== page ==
With just a couple of days left in the 2012 Toronto International Film Festival, all that's left for the media to do is play the People's Choice guessing game. I would have put odds on Ben Affleck's Argo, but for the predictable (and entirely manufactured) kerfuffle over the supposed marginalization of the film's Canadian characters.
Perhaps the big prize will go to The Sapphires, the Australian Vietnam-era soul-music comedy drama which The Weinstein Company is hoping to turn into this year's Oscar underdog. Personally, I'm hoping people get behind Sarah Polley's complex and heartfelt Stories We Tell, one of the festival's best movies. If you saw it, you know why it could become a popular favourite ... if you didn't, you can catch up to it next month.
The festival announces its awards at a brunch on Sunday; follow @nowfilm on Twitter as we provide up-to-the-minute coverage.
Of course, TIFF isn't the only game in town this weekend; it's not even the only TIFF in town. The Toronto Indie Film Festival has been running parallel to the Toronto International Film Festival all week, screening shorts, features and the odd documentary down at the Toronto Underground Cinema.
It's the sort of festival that you can admire for its passion more than for its content. Some of the movies screening have been knocking around the micro-fest circuit for a while - like last night's My Father And The Man In Black, which debuted at NXNE, and tonight's Below Zero, which played the Canadian Film Festival earlier this spring. I just have the feeling it'd be better off if it didn't position itself directly against Toronto's biggest movie event of the year.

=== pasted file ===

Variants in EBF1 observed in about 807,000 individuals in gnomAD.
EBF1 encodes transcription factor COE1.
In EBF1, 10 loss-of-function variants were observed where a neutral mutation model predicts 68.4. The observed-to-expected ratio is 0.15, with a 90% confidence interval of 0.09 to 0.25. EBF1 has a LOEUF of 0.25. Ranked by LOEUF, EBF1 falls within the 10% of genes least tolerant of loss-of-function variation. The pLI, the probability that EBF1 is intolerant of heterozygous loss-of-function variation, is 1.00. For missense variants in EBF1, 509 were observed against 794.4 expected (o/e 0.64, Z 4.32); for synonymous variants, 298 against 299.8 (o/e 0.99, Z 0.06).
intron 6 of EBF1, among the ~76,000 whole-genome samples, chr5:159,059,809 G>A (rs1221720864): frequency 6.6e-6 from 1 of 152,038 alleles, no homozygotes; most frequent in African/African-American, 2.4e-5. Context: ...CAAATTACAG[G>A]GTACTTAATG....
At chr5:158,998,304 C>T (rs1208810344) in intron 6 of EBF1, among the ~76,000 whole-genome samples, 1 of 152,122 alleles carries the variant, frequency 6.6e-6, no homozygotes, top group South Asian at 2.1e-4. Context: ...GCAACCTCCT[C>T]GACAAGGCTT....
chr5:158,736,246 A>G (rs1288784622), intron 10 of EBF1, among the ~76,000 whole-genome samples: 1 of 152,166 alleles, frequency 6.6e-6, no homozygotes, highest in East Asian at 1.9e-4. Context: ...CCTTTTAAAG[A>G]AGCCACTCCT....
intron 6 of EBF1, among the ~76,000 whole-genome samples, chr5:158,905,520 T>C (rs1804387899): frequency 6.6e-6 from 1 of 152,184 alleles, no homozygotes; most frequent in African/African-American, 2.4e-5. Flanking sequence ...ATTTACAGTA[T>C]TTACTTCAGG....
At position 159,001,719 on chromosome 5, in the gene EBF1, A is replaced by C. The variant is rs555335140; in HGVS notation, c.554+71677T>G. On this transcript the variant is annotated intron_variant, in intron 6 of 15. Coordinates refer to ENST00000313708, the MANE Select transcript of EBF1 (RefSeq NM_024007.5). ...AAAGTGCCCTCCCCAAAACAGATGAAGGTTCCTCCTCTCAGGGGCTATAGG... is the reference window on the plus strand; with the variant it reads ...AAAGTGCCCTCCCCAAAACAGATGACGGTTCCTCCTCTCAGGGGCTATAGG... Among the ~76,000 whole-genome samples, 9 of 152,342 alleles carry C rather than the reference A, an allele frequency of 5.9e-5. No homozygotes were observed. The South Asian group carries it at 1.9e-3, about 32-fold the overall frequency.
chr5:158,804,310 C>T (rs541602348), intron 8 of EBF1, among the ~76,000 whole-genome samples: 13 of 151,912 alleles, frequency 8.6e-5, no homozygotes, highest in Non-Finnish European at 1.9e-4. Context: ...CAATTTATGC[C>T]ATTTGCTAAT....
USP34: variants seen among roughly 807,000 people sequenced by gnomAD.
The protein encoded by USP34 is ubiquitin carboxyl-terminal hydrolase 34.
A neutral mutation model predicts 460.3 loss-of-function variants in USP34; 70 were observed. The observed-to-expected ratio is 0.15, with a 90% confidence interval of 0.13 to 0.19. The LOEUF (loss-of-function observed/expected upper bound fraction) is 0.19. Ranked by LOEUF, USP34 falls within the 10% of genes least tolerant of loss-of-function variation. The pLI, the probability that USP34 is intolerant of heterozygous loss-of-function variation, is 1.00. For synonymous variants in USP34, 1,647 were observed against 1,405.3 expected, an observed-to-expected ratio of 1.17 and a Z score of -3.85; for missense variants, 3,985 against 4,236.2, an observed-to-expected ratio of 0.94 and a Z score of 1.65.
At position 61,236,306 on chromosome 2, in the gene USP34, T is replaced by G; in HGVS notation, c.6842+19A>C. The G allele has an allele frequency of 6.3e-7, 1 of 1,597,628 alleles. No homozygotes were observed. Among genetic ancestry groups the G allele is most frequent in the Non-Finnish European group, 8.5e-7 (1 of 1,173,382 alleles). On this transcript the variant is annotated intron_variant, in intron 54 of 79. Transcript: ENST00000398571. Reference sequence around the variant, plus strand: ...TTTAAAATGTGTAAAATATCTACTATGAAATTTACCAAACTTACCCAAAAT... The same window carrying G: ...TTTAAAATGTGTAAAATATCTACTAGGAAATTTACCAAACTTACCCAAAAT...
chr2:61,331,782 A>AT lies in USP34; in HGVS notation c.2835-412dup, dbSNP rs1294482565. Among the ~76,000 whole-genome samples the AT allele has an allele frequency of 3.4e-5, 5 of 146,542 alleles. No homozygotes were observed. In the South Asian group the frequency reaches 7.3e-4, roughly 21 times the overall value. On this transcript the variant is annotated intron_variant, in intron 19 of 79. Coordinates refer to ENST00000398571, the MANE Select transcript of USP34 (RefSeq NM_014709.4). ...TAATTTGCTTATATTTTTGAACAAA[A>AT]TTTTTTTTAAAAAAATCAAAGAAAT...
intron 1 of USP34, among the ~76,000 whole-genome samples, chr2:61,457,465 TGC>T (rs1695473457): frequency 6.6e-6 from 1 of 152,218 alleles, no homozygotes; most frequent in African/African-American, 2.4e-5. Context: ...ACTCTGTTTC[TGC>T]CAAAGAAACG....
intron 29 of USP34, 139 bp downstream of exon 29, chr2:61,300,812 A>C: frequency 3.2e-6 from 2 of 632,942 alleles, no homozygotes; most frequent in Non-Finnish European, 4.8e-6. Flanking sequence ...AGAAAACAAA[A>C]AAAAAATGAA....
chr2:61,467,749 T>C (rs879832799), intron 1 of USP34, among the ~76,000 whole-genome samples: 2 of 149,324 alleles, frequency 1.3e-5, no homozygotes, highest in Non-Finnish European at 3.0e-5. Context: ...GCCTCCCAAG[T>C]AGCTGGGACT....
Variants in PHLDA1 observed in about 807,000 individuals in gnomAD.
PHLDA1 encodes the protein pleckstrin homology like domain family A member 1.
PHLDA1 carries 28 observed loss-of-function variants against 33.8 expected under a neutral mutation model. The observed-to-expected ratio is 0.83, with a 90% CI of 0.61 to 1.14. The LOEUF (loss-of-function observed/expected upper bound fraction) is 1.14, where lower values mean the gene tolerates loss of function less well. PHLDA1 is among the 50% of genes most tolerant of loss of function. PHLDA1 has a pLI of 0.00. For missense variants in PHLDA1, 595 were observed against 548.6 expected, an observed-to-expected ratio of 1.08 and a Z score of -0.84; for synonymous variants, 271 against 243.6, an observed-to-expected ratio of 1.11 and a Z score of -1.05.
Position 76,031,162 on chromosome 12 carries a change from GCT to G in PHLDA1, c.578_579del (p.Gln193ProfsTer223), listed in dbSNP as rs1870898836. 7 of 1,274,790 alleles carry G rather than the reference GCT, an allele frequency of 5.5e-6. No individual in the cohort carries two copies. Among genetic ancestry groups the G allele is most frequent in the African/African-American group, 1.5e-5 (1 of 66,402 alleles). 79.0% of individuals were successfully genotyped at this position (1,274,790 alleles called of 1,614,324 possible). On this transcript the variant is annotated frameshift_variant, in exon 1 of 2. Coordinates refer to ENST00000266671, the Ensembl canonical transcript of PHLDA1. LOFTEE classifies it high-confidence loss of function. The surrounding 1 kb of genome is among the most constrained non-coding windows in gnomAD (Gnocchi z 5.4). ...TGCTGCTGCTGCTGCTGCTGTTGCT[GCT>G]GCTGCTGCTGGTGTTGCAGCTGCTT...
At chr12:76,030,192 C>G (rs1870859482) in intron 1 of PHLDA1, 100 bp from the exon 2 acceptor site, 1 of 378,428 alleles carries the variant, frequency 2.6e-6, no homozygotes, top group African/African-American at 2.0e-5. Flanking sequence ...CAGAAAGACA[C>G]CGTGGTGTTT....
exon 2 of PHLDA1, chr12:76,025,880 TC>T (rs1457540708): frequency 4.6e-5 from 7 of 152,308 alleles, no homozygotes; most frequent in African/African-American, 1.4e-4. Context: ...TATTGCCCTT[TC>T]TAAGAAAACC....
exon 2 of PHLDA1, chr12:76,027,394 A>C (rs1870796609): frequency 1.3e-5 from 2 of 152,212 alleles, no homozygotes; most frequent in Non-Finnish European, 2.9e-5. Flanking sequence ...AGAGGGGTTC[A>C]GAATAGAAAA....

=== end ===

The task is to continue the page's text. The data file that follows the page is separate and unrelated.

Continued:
And speaking of the Toronto Underground Cinema ... well, this will likely be the last time we speak of it. After two bumpy years and a few dark months, the theatre officially ceases operations this week, closing down Sunday night with a
free double-bill of Night Of The Comet and The Last Waltz ($5 for both films).
I've been a supporter of the Underground since its opening day, so this ain't sitting well. Operators Nigel Agnew, Alex Woodside and Charlie Lawton always knew opening a 35mm repertory theatre in the age of digital downloads was a risky proposition, and doubly so when you decide you're going to focus on the weird, culty stuff that by definition discourages a mass audience. But the Underground had some great ideas that should have caught on, and didn't; people filled the seats for a free screening of Scott Pilgrim Vs. The World, but they didn't come back in the same numbers - if at all - for the more eclectic stuff.
So that's it; Sunday's double-bill will be the Underground's last. But the guys are going out on their own terms; Night Of The Comet, which screens at 6:30 pm, is a goofy zombie comedy in which a projection booth is one of the last safe places in an apocalypse, and The Last Waltz, which screens at 9 pm, turns The Band's final performance into a celebration of impermanence, with Martin Scorsese perfectly capturing the joy of participating in something you know won't happen again.
On the Underground's home page, Alex, Nigel and Charlie vow they'll revive the spirit of the Underground in some form, somewhere down the line - and I believe they can. I'll keep you posted.
Elsewhere in the weekend movie calendar, the Carlton Cinema is supporting AIDS Walk Toronto Saturday with a day-long film festival. Vito screens at 1:20 pm, We Were Here at 4:15 pm, Philadelphia at 7 pm and Rent at 9:20 pm. Admission is free, though a $5 donation to ACT/AIDS Walk is suggested.
And finally, Disney re-releases Finding Nemo in 3D today. Like last year's Lion King reissue, it's a way to squeeze a little more cash out of a lucrative studio property and raise awareness of the Blu-ray coming out later this fall, but that's not important. What's important is that Finding Nemo, which is a truly delightful movie, is back on the big screen for a few weeks. So go see it when you have a chance.